What is the Perfume Project?

This blog is a constantly evolving forum for thoughts on perfume, perfume-making, plants (especially orchids and flora of the Pacific Northwest) and life in general. It started out chronicling the adventures of Olympic Orchids Perfumes, established in July 2010, and has expanded in other directions. A big part of the blog is thinking about the ongoing process of learning and experimentation that leads to new perfumes, the exploration of perfumery materials, the theory and practice of perfume making, the challenges of marketing perfumes and other fragrance products, and random observations on philosophy and society. Spam comments will be marked as such and deleted; any comments that go beyond the boundaries of civil discourse will also be deleted. I am grateful to all of you, the readers, who contribute to the blog by commenting and making this a truly interactive perfume project.

Wednesday, April 10, 2013


Somehow April has gotten away from me just as March did. After returning from San Francisco, spring quarter started, I had a big orchid show and sale last weekend, I’ve been trying to catch up on shipping orders out, I’ve got an orchid show and sale coming up in Portland in less than 2 weeks, and then there’s the Seattle Artisan Fragrance Salon the first week of May. I think I’ve mentioned before that it’s hard to get started back up blogging again after a hiatus, partly because I feel guilty about going for so long without a post and partly because I’ve skipped so much and can’t quite figure out where to begin again.

I’ve decided that it doesn’t matter where I begin, so will brag about the wonderful new plant that I found at the nursery where last weekend’s orchid show was held. It caught my eye as I was passing by on my way somewhere else. It was a small bonsai-like shrub or young tree with thick, convoluted branches, long thorns, no leaves, and small yellow flower buds everywhere. The trunk and branches were a beautiful green and silver striped pattern. I stopped to admire it, and discovered that it was something called Poncirus trifoliata ‘Flying Dragon’, also known as hardy bitter orange or Japanese bitter orange. During the two days of the show, I came back to visit it three or four times, and finally decided that it was coming home with me.

Flying Dragon is a dwarf cultivar, so probably won't grow to the height of a full-sized tree. It's now sitting on the back deck, waiting to decide whether it wants to be a bonsai or a garden tree. I’ve been reading a little about Poncirus trifoliata, also called trifoliate orange or Japanese bitter orange, which is native to China and Korea. It’s deciduous, and very hardy, reputedly growing successfully as far north as Boston. I don’t know why it’s not more commonly sold and grown here in the Pacific Northwest, where it seems we have the ideal climate for it. I learned that many commercial citrus trees are grafted onto Poncirus rootstocks, which are sturdier and more pest-resistant than those of commercial citrus trees. It sounds like a winner.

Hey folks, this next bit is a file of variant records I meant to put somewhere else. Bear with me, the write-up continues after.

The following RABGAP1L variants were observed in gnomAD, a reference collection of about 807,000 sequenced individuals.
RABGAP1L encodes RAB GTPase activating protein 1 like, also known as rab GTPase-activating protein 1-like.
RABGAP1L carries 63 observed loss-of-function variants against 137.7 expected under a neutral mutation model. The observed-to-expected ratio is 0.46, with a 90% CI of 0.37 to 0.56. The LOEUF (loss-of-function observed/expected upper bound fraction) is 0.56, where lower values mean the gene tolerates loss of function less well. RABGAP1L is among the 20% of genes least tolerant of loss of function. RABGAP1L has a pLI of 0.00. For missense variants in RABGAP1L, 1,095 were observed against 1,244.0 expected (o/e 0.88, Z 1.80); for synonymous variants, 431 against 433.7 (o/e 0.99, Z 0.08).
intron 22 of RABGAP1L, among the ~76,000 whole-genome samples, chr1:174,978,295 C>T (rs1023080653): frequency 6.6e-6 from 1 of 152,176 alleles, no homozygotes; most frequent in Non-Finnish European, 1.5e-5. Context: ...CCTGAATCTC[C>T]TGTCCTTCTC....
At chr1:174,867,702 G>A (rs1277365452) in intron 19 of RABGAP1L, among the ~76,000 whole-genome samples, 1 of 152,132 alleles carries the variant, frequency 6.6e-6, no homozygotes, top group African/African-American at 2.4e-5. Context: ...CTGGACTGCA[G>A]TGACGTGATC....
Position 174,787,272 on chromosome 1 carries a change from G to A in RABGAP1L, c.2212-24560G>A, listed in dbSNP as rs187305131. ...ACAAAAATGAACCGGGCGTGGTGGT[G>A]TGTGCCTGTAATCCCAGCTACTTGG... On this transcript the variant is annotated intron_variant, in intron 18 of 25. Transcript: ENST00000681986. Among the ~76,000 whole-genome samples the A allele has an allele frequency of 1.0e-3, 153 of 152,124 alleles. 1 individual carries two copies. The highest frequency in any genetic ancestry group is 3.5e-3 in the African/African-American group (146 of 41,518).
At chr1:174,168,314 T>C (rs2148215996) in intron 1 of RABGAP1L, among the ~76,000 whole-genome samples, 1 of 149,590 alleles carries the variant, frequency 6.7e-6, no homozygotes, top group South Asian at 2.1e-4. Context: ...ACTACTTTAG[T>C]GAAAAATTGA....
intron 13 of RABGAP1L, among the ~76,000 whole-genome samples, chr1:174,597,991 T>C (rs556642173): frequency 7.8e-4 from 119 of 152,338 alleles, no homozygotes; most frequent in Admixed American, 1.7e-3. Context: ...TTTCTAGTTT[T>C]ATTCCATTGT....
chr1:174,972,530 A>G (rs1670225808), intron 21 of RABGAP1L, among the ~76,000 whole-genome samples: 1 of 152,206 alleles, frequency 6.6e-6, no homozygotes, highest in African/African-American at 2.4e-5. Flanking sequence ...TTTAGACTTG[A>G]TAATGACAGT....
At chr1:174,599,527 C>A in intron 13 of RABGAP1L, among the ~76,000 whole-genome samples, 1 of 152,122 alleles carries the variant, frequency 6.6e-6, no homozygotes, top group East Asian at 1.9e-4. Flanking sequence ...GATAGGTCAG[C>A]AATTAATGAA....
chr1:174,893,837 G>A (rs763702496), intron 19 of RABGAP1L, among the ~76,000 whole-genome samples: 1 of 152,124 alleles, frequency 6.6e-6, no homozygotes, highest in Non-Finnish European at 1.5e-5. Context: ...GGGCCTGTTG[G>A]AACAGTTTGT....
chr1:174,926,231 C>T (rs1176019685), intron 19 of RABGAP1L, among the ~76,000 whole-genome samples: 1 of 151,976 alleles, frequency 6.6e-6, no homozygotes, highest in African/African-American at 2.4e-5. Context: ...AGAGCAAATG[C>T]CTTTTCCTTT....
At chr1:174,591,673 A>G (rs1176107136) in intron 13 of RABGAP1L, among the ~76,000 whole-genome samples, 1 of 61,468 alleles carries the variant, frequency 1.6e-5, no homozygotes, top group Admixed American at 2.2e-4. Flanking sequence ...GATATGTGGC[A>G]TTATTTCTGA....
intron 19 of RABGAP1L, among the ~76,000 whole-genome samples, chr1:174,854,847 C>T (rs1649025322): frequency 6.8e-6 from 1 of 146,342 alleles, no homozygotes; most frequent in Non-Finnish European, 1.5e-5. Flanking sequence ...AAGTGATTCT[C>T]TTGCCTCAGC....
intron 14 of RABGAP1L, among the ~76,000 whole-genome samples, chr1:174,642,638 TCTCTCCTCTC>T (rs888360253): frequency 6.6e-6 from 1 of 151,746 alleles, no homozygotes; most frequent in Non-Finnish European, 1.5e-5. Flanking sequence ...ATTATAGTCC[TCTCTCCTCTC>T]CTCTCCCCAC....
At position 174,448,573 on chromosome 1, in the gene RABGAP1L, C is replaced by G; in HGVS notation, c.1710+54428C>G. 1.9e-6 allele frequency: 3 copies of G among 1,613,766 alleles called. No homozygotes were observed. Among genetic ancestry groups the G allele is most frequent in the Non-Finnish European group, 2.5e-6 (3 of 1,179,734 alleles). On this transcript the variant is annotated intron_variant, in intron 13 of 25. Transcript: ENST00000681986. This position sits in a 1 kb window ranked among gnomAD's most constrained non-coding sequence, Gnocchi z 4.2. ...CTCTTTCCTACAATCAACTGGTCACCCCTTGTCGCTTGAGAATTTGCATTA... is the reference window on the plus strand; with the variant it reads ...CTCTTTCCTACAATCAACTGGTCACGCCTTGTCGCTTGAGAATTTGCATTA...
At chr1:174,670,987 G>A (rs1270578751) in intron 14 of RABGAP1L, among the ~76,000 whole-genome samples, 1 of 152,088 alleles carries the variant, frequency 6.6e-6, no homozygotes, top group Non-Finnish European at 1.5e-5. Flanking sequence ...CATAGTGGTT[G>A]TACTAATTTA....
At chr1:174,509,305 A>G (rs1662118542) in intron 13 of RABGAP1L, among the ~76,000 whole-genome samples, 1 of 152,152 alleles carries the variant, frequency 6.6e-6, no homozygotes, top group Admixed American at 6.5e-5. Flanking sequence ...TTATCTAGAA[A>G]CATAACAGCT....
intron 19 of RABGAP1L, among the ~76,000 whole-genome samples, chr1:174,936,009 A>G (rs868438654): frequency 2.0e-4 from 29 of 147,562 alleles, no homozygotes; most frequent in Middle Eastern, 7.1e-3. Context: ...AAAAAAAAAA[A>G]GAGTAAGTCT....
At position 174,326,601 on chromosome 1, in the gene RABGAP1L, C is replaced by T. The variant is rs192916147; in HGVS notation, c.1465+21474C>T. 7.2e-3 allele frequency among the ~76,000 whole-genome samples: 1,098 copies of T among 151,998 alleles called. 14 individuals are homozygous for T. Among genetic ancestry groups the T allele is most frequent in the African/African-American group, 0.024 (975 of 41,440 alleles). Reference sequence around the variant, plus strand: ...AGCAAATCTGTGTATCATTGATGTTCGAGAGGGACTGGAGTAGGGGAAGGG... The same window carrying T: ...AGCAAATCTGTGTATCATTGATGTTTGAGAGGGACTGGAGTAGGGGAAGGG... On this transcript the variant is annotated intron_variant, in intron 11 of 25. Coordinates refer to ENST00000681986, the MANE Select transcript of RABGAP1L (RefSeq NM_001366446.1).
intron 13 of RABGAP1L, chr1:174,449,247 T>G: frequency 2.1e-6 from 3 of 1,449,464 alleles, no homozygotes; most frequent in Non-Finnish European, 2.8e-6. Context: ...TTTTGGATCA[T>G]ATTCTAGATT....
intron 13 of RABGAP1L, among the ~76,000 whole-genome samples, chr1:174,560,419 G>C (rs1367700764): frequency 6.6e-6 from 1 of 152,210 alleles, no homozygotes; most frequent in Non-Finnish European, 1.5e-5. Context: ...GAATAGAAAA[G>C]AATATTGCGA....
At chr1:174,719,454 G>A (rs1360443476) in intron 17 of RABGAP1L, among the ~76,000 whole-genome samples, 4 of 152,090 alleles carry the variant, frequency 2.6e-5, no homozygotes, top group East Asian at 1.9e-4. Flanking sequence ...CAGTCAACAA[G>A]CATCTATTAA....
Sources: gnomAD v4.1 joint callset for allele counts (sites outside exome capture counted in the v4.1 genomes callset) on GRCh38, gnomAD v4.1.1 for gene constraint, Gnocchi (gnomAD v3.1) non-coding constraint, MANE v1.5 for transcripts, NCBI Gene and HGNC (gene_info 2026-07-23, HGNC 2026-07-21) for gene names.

The flower buds that are just starting to open look like they’re going to be standard, white, citrus flowers. They’re supposed to be fragrant, so I’ll be checking every day to see how the fragrance develops. I’m looking forward to having a tree full of citrus blossoms that I can eventually harvest and use for enfleurage. The tree is also supposed to produce fruit, but that remains to be seen. It certainly has enough flowers to produce something!

[Top image is my photo of the plant in question; bottom two are different Poncirus trifoliata cultivars from Wikimedia]


  1. I have been eyeing Flying Dragon (Poncirus trifoliata monstrosa) in a plant catalogue but didn't want to order and pay the hefty shipping charges. I understand that these plants, besides being used as citrus rootstock, can be planted to create really nasty, impenetrable hedges because of their hook shaped thorns. The fruit is supposed yield a lemon like juice.

    There is another cold hardy citrus that looks interesting to me called a Yuzu Ichandrin (Citrus junos). This one has edible lemon-lime flavored fruits and is said to be hardy to 0 degrees F.

    I shouldn't even be looking at either of these because I have 40 lbs of seed potatoes and 6 camellia sinensis plants to get in the ground. Your pictures are really tempting me, though! Maybe I will wait to see how your plant does before I try one of my own.

    1. Gail, Flying Dragon is a gorgeous plant! I imagine you can find it locally given that I bought mine at Sky Nursery in Shoreline and they had one other plant that wasn't quite as nice as the one I got. You could probably call around and locate one.

      Now that I'm getting into citrus growing (who would have thought?) I'll have to try yuzu, too. I love yuzu essential oil! I think there are actually several citrus varieties that will grow around here.